40 Android Business Models, Part Four
This blog post series illustrates business models for Android that go beyond simply dumping an app out on the Android Market and praying for sales. Monday, we looked at markets beyond individuals that you could sell to. Tuesday and Wednesday, we looked at some “freemium” models, where you give away the app to lots of people, and sell something else to some of them. Today, we move along to other sorts of products that you could create that tie into Android.
Model #20: Sell Development Tools
The classic “selling pickaxes to gold miners” model in software development is to sell tools to help software developers develop software. From Bill Gates and Microsoft Basic for the Altair to IntelliJ’s IDEA, firms have long been crafting and selling tools to make software development more productive.
Of course, today, many such tools are open source. However, there are still many firms, IntelliJ among them, that have carved out a niche in the tool space.
Here are some things Android developers could use that, individually or in aggregate, may generate interesting revenue:
- True drag-and-drop GUI builders
- Tools to design all the other XML-based resources (e.g., menus, preferences)
- Tools to help manage the mind-numbing set of resource directories needed to handle multiple platforms and languages (e.g., given a device profile, trace which resources from which directories would be used)
- Tools to help manage translations of terms (bonus points if you can do this as a crowdsourced Web site and service, so we can build up a library of translations and stop having to manually translate every little app one builds)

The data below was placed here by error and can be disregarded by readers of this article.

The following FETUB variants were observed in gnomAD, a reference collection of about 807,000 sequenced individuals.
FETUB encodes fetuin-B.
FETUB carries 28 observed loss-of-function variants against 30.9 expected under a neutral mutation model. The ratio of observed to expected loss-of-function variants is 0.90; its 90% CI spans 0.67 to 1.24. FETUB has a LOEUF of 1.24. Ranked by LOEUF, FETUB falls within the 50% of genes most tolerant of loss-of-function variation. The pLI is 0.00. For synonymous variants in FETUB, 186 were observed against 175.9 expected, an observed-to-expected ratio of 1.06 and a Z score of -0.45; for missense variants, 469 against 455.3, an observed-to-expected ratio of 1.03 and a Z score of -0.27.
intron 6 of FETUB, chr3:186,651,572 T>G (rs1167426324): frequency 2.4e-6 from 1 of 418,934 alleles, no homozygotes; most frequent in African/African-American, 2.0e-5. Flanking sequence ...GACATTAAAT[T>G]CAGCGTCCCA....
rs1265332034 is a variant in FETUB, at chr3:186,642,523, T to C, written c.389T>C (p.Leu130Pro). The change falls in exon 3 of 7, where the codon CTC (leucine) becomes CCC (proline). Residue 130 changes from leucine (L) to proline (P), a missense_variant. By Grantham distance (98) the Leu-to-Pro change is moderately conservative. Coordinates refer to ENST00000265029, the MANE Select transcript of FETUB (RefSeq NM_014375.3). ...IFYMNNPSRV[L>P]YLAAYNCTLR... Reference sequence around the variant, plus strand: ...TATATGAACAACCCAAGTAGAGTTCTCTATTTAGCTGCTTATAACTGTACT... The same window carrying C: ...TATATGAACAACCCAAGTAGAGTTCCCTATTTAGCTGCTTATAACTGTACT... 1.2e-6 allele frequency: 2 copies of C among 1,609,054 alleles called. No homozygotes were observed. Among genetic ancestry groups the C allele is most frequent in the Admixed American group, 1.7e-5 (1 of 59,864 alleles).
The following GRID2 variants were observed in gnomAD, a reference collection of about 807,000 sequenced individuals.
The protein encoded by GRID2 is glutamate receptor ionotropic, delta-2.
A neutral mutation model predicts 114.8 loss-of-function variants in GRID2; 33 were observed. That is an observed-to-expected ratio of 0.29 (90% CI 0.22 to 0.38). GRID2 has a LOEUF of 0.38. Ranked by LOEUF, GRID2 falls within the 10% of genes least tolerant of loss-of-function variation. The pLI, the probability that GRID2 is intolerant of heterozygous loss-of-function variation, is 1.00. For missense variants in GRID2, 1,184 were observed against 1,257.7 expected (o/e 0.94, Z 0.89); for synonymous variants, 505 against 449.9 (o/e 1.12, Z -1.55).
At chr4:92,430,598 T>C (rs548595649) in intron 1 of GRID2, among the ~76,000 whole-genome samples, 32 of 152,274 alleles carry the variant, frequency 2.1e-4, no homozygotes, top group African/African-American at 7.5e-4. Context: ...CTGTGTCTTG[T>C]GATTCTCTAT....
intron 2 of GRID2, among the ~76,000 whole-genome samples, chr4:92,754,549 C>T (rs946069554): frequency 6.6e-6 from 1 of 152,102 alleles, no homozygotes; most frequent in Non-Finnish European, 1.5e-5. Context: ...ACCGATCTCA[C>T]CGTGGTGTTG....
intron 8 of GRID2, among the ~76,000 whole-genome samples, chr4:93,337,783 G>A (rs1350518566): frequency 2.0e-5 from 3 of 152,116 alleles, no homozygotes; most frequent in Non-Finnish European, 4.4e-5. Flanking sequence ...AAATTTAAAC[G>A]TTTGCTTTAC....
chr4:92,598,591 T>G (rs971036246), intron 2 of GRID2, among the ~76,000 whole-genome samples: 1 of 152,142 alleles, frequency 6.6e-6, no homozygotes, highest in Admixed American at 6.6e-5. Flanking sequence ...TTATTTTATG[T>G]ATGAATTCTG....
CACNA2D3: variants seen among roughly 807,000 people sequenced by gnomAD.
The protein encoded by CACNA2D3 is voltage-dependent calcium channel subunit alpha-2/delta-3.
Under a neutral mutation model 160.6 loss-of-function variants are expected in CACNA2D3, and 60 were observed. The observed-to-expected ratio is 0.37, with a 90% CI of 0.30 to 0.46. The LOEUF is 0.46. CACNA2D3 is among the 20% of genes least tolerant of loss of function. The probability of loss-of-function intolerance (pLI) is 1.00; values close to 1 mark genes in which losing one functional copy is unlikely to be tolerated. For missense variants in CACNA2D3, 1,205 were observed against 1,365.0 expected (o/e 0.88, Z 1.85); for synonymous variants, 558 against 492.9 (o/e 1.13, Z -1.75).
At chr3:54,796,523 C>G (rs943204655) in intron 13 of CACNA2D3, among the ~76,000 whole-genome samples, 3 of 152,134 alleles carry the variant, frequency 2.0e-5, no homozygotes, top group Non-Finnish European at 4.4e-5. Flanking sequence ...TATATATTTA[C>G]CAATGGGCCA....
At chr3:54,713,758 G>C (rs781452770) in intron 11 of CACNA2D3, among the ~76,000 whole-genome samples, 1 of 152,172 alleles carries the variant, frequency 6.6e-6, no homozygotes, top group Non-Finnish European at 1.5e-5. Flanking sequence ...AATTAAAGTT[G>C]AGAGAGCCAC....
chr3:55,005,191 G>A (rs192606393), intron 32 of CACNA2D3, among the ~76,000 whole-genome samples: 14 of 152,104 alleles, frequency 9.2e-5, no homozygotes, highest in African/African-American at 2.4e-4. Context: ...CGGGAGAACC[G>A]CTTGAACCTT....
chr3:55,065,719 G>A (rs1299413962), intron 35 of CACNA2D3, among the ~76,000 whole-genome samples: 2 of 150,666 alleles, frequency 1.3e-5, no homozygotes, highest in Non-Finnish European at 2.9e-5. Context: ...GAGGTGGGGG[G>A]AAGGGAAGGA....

These could be implemented as Eclipse plugins, plugins for other IDEs (NetBeans, IDEA, etc.), or standalone applications.
Model #21: Sell Portability Toolkits
Firms like Appcelerator and projects like PhoneGap are trying to provide cross-platform portability via WebKit, for “write once, run anywhere” across mobile devices. That is not the only solution, and it might not even be the best one. If you think you can do a better job helping people support Android along with other platforms, you could make and sell a tool to do just that. In particular, if you can find ways to reuse existing enterprise mobile code (e.g., Windows Mobile), you can probably “charge a pretty penny” for such technology.
Model #22: Sell a Help and Support Framework
Android has no built-in online help system. This is baffling, but it creates an opportunity for developers looking to sell a product to Android developers.